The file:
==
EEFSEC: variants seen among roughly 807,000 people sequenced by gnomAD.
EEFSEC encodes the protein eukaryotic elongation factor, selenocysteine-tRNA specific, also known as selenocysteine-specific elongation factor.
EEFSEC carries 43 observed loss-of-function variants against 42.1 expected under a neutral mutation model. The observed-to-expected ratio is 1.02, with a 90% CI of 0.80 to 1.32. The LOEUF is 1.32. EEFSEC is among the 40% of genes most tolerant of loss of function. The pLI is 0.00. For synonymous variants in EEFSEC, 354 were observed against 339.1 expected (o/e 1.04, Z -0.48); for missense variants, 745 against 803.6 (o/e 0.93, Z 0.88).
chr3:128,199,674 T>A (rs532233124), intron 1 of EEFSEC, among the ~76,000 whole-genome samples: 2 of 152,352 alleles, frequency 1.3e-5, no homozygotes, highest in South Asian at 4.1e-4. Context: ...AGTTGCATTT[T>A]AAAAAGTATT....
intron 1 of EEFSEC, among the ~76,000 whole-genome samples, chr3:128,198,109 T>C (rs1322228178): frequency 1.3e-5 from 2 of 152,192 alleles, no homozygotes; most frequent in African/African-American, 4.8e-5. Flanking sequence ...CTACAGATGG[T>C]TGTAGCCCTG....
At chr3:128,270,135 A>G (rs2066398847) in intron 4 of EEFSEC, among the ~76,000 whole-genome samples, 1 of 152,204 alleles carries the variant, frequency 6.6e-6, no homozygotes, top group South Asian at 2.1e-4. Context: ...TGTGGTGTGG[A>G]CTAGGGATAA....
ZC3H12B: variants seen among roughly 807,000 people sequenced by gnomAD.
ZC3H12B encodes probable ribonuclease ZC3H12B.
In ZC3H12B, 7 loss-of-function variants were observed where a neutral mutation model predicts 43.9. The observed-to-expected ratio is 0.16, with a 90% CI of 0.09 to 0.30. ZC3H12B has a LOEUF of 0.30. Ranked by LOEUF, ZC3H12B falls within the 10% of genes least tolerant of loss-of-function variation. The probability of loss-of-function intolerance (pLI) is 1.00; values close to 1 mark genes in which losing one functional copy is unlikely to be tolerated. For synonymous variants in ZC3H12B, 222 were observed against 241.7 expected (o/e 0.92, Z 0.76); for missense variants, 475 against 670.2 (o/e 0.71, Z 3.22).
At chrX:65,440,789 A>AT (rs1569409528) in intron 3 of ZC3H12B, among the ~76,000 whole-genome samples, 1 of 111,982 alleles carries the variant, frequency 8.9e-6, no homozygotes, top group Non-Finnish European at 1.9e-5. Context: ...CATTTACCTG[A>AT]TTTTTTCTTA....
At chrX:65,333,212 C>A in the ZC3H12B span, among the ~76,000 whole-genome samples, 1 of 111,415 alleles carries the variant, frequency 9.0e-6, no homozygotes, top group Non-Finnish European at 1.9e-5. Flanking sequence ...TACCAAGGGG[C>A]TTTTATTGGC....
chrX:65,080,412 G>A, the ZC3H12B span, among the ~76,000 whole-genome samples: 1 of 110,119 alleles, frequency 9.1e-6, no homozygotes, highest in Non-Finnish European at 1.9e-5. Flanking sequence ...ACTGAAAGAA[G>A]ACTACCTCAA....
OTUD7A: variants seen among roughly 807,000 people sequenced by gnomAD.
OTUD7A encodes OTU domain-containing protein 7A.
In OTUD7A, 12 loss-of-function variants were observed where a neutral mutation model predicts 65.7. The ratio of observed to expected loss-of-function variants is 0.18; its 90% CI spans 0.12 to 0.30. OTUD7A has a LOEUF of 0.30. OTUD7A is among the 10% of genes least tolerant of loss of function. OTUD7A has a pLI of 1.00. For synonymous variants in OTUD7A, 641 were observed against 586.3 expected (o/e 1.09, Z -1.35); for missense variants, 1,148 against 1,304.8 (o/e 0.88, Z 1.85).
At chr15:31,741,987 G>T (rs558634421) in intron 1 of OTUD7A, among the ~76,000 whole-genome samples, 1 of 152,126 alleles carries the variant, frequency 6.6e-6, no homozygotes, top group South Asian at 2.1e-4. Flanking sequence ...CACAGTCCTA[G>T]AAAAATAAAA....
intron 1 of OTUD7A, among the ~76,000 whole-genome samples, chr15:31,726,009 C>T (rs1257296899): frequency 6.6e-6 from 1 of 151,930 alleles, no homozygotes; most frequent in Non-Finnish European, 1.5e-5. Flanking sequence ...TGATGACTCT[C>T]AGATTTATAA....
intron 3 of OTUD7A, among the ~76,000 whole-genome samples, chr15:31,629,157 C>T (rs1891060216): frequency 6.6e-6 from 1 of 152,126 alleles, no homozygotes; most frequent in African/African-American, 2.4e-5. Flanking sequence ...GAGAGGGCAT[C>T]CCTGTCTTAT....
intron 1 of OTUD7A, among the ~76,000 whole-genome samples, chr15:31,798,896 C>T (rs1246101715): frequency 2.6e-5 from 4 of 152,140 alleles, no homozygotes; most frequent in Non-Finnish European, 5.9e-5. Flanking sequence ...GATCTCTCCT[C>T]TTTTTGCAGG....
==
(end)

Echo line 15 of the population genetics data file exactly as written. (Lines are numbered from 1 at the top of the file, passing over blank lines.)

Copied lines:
In OTUD7A, 12 loss-of-function variants were observed where a neutral mutation model predicts 65.7. The ratio of observed to expected loss-of-function variants is 0.18; its 90% CI spans 0.12 to 0.30. OTUD7A has a LOEUF of 0.30. OTUD7A is among the 10% of genes least tolerant of loss of function. OTUD7A has a pLI of 1.00. For synonymous variants in OTUD7A, 641 were observed against 586.3 expected (o/e 1.09, Z -1.35); for missense variants, 1,148 against 1,304.8 (o/e 0.88, Z 1.85).